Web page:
Rebel with a cause: Kelli Jean Drinkwater

Rebel with a cause: Kelli Jean Drinkwater

Stay woke

Text: Noelle Faulkner

From body image to self-worth, politics, culture, gender and beyond, there’s more than one way to send a message. In this series, Noelle Faulkner talks to four artists pushing against the grain in their own way.

Sydney's Kelli Jean Drinkwater is a performer, artist, dancer, model, filmmaker, sound curator, theatre maker and activist - and an empowered one at that. You may have seen her TEDxSydney talk, "Enough With the Fear of Fat", her film Aquaporko!, which scored official selection in 38 film festivals globally, or, if you're in Sydney, you may have heard about her Sydney Festival Force Majeure collaboration, Nothing to Lose (which she is currently making a documentary about). Focusing on body autonomy, fat politics and our obsession with body image as a society, Drinkwater's cannon of work is often wonderfully provoking and radical to the masses, as she confronts cultural perceptions of the body, our identity and the labels we give ourselves and each other. Unapologetically, of course.

AQUAPORKO! Throw you legs in the air without a care! from Kelli Jean Drinkwater on Vimeo.


What does your work mean to you?

I tend to make work from the land of my lived experience as a queer fat femme performer. My fatness and my queerness are very interlinked in my identity. My work is formed by feminist politics and queer theory, the idea of "queering the body" and what that means in terms of gender, size, class and race and ability, and all those different intersections.


What makes you want to explore this idea of body politics?

It's such an insidious, systematic form of oppression, really, fat phobia and body shaming. It's so ingrained in our culture and quite often hard for people to even notice when they're doing it, to themselves, or each other. Body politics affects every single human being. I don't think that you could point to one person that hasn't had some sort of relationship with their physicalities that wasn't a challenge at some point in their life. I'd like you to show me that person, I don't think they exist.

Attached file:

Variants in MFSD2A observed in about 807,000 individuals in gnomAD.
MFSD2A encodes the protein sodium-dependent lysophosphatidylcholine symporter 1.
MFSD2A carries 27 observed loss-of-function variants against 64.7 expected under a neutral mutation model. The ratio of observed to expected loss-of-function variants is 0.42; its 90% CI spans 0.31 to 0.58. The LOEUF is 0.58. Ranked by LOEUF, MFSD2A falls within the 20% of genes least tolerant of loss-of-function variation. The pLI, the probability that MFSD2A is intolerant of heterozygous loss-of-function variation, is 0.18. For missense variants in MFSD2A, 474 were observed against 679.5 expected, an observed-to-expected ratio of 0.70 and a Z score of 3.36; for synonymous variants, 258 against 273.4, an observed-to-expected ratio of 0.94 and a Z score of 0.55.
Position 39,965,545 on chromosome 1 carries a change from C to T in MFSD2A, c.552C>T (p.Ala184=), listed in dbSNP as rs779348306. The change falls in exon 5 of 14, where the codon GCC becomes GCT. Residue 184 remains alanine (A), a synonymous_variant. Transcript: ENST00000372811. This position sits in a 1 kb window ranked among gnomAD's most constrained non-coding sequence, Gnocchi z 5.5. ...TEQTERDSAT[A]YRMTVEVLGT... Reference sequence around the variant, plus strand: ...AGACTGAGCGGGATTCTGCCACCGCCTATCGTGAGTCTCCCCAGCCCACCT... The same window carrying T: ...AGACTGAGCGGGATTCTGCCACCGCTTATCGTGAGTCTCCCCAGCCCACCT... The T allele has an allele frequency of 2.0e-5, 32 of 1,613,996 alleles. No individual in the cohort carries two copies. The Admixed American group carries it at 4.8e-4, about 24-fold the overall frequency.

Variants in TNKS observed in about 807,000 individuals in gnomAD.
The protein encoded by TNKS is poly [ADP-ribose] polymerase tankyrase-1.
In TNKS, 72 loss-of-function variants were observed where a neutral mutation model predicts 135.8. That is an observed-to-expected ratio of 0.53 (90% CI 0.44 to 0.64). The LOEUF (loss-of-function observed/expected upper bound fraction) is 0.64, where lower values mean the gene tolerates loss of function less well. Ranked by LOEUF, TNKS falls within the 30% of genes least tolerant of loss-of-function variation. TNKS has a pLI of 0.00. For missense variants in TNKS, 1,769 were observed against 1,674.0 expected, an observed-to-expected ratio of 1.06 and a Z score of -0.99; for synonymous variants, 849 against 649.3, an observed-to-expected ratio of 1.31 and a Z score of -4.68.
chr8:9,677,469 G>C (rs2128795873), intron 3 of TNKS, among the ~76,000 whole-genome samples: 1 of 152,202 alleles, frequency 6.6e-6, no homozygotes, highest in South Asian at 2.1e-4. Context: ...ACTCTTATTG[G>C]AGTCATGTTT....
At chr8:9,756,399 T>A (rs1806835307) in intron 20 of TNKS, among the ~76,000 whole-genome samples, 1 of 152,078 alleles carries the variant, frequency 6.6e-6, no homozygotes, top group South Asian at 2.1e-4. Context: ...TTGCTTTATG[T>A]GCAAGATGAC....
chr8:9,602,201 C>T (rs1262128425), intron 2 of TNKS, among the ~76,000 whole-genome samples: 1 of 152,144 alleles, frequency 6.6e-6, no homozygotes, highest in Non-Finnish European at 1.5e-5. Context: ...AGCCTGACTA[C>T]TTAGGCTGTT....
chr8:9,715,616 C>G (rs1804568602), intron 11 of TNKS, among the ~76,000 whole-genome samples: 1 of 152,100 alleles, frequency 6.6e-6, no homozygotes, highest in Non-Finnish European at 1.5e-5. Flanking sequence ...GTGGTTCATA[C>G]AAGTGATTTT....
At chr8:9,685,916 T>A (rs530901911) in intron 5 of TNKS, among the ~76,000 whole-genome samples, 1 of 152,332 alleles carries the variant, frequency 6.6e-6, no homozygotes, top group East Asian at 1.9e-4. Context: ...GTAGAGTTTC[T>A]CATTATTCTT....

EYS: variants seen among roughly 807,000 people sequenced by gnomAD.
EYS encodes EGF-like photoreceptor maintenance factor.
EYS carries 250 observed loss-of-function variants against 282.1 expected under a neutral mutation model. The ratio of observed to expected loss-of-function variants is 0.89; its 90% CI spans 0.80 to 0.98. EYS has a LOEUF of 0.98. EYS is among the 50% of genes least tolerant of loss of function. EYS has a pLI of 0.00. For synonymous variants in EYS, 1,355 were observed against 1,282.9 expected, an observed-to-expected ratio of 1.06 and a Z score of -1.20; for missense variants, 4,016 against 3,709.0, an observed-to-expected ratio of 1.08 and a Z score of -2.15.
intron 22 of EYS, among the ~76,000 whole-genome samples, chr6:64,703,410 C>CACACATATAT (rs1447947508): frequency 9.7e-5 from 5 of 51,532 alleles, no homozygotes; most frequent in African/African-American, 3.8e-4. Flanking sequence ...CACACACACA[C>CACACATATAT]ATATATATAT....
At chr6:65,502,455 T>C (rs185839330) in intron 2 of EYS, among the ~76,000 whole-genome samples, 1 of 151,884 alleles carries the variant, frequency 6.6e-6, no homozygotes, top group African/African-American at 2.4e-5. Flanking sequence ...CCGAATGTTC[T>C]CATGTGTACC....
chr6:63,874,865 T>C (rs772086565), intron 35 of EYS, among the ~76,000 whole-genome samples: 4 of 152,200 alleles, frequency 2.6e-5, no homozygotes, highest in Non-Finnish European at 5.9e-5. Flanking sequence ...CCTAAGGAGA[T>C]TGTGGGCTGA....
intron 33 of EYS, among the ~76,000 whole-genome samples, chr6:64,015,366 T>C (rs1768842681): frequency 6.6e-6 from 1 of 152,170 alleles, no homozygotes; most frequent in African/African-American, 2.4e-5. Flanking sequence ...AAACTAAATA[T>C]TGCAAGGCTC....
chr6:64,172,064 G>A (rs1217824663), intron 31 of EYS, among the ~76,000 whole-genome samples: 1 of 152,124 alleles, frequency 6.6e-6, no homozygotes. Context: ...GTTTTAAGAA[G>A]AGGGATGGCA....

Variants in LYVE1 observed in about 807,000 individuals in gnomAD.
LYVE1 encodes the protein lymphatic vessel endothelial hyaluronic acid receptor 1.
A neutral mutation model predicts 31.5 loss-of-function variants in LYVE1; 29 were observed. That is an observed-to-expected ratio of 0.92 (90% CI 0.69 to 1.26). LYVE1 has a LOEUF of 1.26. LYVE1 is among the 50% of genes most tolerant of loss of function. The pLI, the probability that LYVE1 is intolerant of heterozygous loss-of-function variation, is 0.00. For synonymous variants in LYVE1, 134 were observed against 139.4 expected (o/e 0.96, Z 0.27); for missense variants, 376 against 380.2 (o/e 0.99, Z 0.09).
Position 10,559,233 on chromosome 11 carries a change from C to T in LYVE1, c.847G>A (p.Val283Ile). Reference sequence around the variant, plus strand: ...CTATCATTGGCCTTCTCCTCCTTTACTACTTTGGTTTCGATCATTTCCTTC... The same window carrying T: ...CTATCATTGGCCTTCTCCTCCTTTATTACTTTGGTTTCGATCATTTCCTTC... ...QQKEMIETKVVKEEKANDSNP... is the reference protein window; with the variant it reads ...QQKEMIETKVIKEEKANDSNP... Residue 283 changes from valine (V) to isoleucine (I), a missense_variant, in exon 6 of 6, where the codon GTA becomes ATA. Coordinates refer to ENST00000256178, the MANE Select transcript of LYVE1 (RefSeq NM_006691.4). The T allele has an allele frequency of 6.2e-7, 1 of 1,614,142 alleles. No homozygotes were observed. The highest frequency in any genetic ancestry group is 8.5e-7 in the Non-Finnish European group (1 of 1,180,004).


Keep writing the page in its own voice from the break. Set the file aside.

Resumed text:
What do you aim to wake in your audience? 

Ideally, I'd like to provoke a reflection on how people perceive their own bodies, other people's bodies and how we treat each other. If I can prick people's ears up to think about maybe why we, as a culture, are so obsessed with this billion dollar diet industry, the way we look and the weight of our worth, if I can kind of provoke a dialogue with people, have them question that, especially with themselves, that'd be it. 


When did you last put up a fight for your work?

It was interesting doing [Sydney Festival/Carriageworks commissioned dance performance] Nothing to Lose. We did a lot of prep around this idea of fighting for our right to be seen as "fat dancers"- which was a joke to most people. The show was a very provocative one in that sense because people thought we were making a comedy show! That's where it was interesting, this idea of what's permissible to fat bodies and what labels we're allowed to give ourselves as performers. We quite often had to clarify that, no it wasn't comedy or circus or cabaret. It was dance. People were very curious about whether we'd pull it off, if we could sustain it in an hour and a half show. We really had to fight to be taken seriously in that context.

Kelli Jean Drinkwater is currently working on an independent documentary on the cast of her Sydney Festival show, Nothing to Lose. 

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